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Thursday, 14 October, 1999, 11:08 GMT 12:08 UK
Warning over 'rationed' mental health drugs
Crowd scene
Schizophrenia often strikes in adolescence or early adulthood
People with serious mental illnesses will not get the newest and most effective drugs because of government rationing, according to a leading charity.

Sane says draft guidelines produced by the British Psychological Society and the Royal College of Psychiatrists for the Department of Health state that people who are diagnosed with schizophrenia should be given traditional anti-psychotic drugs instead of newer treatments.

The guidelines will go to the National Institute for Clinical Excellence (Nice) which will decide on access to the drugs.

Mental Health
Sane says the newer treatments are more effective and have fewer of the embarrassing side effects, such as shaking and facial tics.

These side effects are often confused with the illness themselves and add to the stigma surrounding it, says Sane.

According to the charity, only people who have failed to respond to the old drugs or had developed severe side effects to them would get the newer drugs.

Academics versus users

Sane believes the decision is based on limited evidence.

The National Schizophrenia Fellowship (NSF) says Nice should not be swayed by an academic report which claims there is little difference between older and newer drugs.

Chief executive Cliff Prior said: "Academics do not have to spend a lifetime on these dirty old drugs with their nasty side effects.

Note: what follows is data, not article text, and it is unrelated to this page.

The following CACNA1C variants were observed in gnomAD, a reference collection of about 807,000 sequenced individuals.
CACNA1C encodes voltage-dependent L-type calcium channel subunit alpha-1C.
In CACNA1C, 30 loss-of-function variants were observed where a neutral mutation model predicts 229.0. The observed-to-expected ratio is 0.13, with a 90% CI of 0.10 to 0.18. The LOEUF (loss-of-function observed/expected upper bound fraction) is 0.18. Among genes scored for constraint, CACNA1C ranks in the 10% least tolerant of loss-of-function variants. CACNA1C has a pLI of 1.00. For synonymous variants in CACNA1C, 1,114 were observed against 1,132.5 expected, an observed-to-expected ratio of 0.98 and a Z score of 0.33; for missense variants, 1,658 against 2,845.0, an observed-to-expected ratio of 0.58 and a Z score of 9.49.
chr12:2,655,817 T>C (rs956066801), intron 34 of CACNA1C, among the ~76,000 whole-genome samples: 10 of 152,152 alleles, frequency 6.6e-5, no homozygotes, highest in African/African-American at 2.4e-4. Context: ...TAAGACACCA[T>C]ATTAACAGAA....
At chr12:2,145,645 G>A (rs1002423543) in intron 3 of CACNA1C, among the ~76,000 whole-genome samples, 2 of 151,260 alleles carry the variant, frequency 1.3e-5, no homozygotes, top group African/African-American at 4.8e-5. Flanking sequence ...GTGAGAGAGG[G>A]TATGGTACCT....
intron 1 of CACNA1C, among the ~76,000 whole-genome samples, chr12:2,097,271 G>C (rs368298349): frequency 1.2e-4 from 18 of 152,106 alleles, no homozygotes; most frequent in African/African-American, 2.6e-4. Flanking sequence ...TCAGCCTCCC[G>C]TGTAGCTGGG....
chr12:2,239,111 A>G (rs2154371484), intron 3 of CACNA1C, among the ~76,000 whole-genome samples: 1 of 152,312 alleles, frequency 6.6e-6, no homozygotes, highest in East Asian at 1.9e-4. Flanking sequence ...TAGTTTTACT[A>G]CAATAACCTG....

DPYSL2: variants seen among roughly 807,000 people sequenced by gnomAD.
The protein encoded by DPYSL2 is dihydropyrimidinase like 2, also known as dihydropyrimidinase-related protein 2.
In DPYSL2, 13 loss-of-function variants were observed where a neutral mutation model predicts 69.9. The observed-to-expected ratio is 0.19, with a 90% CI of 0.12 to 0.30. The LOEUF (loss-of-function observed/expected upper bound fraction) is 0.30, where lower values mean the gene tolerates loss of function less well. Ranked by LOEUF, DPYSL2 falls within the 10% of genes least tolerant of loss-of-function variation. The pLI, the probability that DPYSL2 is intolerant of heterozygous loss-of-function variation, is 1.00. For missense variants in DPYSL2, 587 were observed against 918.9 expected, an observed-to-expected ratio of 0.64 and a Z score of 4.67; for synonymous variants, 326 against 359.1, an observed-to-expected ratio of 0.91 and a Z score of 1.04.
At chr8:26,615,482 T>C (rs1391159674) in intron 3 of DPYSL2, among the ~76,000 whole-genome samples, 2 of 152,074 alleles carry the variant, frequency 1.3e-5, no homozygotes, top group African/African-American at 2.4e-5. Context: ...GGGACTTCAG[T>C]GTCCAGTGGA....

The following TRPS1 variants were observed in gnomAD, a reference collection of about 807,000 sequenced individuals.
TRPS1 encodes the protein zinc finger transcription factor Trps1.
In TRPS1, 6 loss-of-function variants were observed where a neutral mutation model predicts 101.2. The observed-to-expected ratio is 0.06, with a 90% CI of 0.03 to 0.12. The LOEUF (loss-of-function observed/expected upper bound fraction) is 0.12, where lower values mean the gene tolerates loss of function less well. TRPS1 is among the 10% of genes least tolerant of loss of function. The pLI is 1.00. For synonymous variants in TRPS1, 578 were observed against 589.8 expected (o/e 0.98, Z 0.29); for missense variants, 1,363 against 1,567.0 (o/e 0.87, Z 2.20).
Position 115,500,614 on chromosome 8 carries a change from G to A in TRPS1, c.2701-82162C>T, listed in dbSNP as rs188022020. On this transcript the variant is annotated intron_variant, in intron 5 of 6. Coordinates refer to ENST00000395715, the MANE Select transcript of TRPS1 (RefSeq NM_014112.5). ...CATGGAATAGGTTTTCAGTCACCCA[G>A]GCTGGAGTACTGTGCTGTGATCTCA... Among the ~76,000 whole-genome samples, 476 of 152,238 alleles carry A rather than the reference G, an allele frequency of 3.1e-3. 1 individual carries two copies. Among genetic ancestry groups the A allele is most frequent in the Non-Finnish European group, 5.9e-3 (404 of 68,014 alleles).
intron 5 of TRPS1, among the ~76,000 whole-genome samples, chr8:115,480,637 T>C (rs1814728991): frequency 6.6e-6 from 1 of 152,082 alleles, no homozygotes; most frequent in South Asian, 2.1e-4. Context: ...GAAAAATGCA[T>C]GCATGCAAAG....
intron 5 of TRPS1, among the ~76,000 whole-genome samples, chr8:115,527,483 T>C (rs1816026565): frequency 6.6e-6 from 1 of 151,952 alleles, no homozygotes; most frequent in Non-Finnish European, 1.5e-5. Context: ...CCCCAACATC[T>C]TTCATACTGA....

"Nice and Alan Milburn [the new Health Secretary] must listen to people who do. These people are telling us they want choice.

"They want to see doctors who are willing to discuss the available treatments and who are free to prescribe the best and not just the cheapest."

The NSF says the expert group advising Nice did not consult organisations representing people with schizophrenia.

It also claims to have evidence that at least one health trust is rationing newer treatments on the basis of cost.

The newer treatments cost around 2,000 a year per person, compared with 98 per person for the older ones.

A spokeswoman for Sane said: "It costs 1,000 for just one dose of chemotherapy. This is about quality of life, choice and freedom."

'Limited research'

Marjorie Wallace, chief executive of Sane, said: "What concerns us is that the research is so narrow that it cannot form the basis for humane guidelines.

"The underlying agenda appears to have more to do with the extra cost of the new drugs than the welfare of those who take them."

She added: "It is tragic that people should be offered as first line treatment the older, cheaper drugs which have side effects often more stigmatising and distressing than those caused by the newer drugs.

"This can lead patients to a destructive cycle whereby they come to reject all medical help."

Mental health charity Mind also argues that patients should have increased rights to the most effective healthcare.

Its recent report, Mind the Law, calls for greater choice for the mentally ill over drug treatments and care.

The charity hopes these rights will be included in a forthcoming review of mental health legislation.

 WATCH/LISTEN
 ON THIS STORY
Audio
BBC Social Affairs Editor Niall Dickson: "The old drugs are not popular"
Audio
Chief Executive of the National Schizophrenia Fellowship Cliff Prior: "This is beggars belief"
See also:

13 Oct 99 | Health
Mentally ill 'need more rights'
13 Oct 99 | Health
Mental health up close
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